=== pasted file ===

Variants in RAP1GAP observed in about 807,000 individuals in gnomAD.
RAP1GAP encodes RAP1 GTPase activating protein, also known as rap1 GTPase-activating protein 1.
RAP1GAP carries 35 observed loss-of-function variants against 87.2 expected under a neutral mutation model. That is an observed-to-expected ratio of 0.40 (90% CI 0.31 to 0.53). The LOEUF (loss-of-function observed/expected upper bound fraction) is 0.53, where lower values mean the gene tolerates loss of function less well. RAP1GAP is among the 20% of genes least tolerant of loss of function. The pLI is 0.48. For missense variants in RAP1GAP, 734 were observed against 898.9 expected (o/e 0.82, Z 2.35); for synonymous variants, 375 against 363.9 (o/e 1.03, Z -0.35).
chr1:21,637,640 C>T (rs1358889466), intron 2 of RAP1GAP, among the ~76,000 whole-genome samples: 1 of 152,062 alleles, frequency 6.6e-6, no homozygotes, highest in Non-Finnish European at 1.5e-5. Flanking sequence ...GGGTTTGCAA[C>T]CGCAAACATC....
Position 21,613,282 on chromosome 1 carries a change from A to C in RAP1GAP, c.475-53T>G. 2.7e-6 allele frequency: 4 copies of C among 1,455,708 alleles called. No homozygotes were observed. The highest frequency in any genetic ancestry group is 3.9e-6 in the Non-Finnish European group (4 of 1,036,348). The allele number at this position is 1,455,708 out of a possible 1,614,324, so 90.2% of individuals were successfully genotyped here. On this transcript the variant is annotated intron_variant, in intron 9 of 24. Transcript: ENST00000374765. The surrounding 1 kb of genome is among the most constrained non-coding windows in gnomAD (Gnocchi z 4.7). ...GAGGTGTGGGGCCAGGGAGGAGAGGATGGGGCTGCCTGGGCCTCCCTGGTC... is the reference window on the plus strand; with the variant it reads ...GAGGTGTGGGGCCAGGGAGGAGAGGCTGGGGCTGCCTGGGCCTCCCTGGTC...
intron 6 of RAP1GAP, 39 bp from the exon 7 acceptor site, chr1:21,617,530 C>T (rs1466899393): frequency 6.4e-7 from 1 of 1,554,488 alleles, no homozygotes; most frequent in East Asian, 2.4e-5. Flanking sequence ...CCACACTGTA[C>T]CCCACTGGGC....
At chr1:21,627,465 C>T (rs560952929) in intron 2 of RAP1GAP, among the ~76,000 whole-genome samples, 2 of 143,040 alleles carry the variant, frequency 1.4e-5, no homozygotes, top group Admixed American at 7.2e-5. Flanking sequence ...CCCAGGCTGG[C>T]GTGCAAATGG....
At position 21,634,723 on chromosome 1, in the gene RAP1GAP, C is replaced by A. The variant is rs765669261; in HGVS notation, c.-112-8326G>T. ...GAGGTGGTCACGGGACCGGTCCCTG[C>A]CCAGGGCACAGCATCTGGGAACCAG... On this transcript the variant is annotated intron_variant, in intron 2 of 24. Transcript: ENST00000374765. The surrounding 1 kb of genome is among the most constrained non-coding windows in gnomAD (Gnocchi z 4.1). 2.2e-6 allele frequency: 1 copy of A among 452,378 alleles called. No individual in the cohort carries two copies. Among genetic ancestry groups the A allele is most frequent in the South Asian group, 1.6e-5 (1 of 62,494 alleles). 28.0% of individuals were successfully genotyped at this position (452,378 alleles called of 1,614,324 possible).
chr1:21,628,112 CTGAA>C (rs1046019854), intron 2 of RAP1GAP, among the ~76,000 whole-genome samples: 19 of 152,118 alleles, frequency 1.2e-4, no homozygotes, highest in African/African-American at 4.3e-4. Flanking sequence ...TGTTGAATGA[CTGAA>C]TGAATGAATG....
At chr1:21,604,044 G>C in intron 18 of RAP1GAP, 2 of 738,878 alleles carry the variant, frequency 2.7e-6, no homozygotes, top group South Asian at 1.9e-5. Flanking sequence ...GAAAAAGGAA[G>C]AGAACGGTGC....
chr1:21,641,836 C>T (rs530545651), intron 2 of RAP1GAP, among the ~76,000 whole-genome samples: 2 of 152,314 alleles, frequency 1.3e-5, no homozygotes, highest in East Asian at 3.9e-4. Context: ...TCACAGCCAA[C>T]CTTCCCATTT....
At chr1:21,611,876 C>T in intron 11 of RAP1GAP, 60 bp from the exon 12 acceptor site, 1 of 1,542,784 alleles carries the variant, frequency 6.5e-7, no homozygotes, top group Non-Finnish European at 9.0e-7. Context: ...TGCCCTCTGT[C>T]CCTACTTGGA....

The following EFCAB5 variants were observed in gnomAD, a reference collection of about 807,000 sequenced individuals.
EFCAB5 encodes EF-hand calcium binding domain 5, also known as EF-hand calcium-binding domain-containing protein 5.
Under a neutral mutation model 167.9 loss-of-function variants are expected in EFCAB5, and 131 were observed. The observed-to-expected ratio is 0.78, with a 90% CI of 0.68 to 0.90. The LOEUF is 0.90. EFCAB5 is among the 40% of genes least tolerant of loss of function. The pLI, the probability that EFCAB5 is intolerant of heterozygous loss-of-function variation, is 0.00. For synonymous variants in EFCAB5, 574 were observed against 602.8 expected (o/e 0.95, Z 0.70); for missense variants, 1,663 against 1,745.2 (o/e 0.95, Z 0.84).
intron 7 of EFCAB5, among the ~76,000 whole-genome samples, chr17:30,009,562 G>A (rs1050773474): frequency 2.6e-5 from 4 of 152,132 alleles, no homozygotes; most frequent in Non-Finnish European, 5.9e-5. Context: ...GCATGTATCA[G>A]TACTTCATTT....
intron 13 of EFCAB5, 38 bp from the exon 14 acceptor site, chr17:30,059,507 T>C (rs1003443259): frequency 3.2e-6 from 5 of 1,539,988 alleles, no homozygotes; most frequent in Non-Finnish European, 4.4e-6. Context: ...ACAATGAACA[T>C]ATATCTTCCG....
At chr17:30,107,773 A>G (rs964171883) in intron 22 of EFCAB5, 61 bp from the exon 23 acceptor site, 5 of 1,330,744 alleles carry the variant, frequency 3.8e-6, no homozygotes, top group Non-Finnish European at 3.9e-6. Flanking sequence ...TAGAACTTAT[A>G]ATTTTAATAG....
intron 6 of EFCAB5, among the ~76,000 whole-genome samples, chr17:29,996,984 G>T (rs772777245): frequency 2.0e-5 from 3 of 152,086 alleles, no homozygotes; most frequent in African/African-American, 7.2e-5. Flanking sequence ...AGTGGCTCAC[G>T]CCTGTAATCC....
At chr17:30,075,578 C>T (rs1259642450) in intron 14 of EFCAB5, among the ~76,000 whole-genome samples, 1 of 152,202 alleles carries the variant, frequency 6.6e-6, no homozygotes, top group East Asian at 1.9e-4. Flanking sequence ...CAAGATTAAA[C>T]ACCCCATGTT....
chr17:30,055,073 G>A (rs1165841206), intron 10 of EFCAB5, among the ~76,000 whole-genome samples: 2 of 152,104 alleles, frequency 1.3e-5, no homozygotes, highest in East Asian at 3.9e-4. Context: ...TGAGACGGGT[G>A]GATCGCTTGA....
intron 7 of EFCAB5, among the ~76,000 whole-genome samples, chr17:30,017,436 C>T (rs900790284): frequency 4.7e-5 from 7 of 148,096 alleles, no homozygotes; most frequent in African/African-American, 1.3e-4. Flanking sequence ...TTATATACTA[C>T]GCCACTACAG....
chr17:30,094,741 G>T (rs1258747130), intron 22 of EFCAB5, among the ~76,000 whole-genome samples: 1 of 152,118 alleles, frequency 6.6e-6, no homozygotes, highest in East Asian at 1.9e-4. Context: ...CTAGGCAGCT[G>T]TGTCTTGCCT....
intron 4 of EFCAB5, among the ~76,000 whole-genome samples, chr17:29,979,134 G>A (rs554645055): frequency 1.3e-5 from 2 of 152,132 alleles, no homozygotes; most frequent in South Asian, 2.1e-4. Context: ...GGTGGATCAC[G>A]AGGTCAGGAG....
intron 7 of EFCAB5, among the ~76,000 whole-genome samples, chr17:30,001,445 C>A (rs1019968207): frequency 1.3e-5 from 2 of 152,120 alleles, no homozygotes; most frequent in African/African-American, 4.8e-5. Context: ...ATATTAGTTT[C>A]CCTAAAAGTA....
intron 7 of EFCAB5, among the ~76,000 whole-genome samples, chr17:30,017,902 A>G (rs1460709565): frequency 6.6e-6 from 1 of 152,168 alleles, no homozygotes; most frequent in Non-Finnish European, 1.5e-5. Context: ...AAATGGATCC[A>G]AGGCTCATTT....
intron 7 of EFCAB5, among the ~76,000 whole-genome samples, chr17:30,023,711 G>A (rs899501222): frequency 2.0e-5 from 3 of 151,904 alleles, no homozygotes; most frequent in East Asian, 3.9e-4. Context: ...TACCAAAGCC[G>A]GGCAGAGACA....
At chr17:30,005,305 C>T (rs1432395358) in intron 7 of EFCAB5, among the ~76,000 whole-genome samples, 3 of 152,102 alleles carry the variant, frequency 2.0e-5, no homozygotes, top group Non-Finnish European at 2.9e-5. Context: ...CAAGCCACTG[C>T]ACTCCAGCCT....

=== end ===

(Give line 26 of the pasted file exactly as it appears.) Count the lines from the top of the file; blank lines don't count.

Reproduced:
intron 7 of EFCAB5, among the ~76,000 whole-genome samples, chr17:30,017,902 A>G (rs1460709565): frequency 6.6e-6 from 1 of 152,168 alleles, no homozygotes; most frequent in Non-Finnish European, 1.5e-5. Context: ...AAATGGATCC[A>G]AGGCTCATTT....